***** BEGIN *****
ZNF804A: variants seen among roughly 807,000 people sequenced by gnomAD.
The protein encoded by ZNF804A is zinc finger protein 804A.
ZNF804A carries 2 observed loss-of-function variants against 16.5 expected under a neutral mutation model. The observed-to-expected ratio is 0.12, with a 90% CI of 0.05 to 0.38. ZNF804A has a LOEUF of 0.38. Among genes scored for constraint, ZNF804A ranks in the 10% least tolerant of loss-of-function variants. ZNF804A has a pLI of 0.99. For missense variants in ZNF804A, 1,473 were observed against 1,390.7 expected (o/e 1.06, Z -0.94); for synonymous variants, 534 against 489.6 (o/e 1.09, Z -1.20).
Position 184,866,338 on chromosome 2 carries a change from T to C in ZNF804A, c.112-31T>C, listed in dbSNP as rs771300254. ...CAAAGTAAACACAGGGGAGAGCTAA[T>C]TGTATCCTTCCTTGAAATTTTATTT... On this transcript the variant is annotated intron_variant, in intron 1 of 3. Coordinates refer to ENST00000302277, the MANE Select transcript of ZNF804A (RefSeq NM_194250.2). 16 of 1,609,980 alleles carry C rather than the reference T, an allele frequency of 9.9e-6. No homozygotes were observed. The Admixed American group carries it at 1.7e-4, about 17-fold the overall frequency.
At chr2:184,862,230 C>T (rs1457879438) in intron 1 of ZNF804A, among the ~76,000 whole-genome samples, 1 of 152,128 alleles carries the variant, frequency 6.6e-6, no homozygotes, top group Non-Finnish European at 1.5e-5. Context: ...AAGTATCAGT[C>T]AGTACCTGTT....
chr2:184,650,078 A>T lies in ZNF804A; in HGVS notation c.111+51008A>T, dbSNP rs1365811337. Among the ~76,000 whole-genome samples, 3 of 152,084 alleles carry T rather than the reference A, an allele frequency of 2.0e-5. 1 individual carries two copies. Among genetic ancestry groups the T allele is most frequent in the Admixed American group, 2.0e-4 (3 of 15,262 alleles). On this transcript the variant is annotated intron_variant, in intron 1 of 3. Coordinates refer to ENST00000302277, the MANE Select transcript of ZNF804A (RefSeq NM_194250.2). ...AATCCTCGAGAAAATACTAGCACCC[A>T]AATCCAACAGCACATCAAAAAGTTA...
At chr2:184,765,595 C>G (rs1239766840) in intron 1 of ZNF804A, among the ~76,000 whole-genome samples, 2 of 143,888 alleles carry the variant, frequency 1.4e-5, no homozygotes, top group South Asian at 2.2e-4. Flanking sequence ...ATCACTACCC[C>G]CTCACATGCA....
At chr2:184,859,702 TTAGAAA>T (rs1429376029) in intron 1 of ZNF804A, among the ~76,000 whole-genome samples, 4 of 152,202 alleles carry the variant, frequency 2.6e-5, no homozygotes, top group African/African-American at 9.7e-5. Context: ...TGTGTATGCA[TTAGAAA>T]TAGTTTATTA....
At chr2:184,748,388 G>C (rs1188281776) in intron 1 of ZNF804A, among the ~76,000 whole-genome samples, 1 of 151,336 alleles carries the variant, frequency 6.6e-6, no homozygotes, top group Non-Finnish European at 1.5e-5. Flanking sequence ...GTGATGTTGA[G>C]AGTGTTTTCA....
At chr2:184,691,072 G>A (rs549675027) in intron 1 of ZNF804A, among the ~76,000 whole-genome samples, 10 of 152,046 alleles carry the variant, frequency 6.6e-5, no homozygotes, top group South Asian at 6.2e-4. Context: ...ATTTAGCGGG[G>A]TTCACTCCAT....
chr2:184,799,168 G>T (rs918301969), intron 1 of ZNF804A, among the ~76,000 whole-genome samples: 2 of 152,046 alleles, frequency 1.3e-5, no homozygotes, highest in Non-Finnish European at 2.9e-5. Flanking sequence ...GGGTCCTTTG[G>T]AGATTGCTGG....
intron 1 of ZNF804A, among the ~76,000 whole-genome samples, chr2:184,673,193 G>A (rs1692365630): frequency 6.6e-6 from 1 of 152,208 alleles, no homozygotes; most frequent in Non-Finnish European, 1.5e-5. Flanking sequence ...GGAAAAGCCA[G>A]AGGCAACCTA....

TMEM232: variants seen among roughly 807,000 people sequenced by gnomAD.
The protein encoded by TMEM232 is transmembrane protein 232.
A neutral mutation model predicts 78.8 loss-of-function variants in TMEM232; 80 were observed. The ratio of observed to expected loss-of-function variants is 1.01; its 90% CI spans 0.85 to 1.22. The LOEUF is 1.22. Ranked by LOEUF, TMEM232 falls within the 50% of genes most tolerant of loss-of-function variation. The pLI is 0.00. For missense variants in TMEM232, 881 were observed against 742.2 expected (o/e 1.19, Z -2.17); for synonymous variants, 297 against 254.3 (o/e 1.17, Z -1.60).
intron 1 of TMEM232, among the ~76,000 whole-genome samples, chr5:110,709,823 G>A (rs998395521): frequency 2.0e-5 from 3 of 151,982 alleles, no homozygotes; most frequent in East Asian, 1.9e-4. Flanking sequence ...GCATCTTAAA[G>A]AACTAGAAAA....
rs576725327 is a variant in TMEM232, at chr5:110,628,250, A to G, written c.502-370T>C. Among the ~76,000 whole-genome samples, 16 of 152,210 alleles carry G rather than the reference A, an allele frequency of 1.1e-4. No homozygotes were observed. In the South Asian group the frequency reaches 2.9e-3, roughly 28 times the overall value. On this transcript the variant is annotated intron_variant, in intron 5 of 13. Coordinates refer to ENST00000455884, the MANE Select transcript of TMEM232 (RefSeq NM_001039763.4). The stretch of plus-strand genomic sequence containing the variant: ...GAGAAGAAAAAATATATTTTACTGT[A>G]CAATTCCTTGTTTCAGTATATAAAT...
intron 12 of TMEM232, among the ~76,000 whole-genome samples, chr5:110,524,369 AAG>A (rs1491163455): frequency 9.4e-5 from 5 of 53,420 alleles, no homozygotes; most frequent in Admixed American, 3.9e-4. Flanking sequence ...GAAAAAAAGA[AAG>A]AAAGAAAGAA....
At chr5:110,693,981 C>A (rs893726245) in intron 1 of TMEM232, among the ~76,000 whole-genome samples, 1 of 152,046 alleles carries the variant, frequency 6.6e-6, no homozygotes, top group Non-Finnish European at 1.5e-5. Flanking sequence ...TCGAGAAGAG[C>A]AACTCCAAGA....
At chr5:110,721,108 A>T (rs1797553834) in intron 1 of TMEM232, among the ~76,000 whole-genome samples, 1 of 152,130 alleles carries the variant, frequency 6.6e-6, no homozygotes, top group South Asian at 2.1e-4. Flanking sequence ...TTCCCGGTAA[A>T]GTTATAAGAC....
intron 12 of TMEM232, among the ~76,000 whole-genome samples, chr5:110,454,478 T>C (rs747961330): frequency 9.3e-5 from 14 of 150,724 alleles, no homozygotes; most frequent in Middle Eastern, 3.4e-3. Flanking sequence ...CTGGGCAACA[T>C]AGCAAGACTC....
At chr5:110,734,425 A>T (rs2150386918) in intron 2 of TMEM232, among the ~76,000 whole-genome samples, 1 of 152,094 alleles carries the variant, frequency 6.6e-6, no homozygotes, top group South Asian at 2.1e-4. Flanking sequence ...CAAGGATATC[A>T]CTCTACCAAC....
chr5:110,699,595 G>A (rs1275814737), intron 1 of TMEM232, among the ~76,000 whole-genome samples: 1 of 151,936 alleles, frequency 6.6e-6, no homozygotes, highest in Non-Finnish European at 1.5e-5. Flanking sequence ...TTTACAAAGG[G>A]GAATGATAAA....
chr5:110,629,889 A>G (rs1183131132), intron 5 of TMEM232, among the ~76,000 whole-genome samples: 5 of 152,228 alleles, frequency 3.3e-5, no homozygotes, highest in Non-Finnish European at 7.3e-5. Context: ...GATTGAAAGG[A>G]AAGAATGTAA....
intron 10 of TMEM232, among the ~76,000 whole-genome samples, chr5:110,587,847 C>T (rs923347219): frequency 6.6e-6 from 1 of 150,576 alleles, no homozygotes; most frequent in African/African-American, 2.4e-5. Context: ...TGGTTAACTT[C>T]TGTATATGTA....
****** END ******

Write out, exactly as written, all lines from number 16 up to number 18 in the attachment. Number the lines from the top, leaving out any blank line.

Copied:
intron 1 of TMEM232, among the ~76,000 whole-genome samples, chr5:110,709,823 G>A (rs998395521): frequency 2.0e-5 from 3 of 151,982 alleles, no homozygotes; most frequent in East Asian, 1.9e-4. Flanking sequence ...GCATCTTAAA[G>A]AACTAGAAAA....
rs576725327 is a variant in TMEM232, at chr5:110,628,250, A to G, written c.502-370T>C. Among the ~76,000 whole-genome samples, 16 of 152,210 alleles carry G rather than the reference A, an allele frequency of 1.1e-4. No homozygotes were observed. In the South Asian group the frequency reaches 2.9e-3, roughly 28 times the overall value. On this transcript the variant is annotated intron_variant, in intron 5 of 13. Coordinates refer to ENST00000455884, the MANE Select transcript of TMEM232 (RefSeq NM_001039763.4). The stretch of plus-strand genomic sequence containing the variant: ...GAGAAGAAAAAATATATTTTACTGT[A>G]CAATTCCTTGTTTCAGTATATAAAT...
intron 12 of TMEM232, among the ~76,000 whole-genome samples, chr5:110,524,369 AAG>A (rs1491163455): frequency 9.4e-5 from 5 of 53,420 alleles, no homozygotes; most frequent in Admixed American, 3.9e-4. Flanking sequence ...GAAAAAAAGA[AAG>A]AAAGAAAGAA....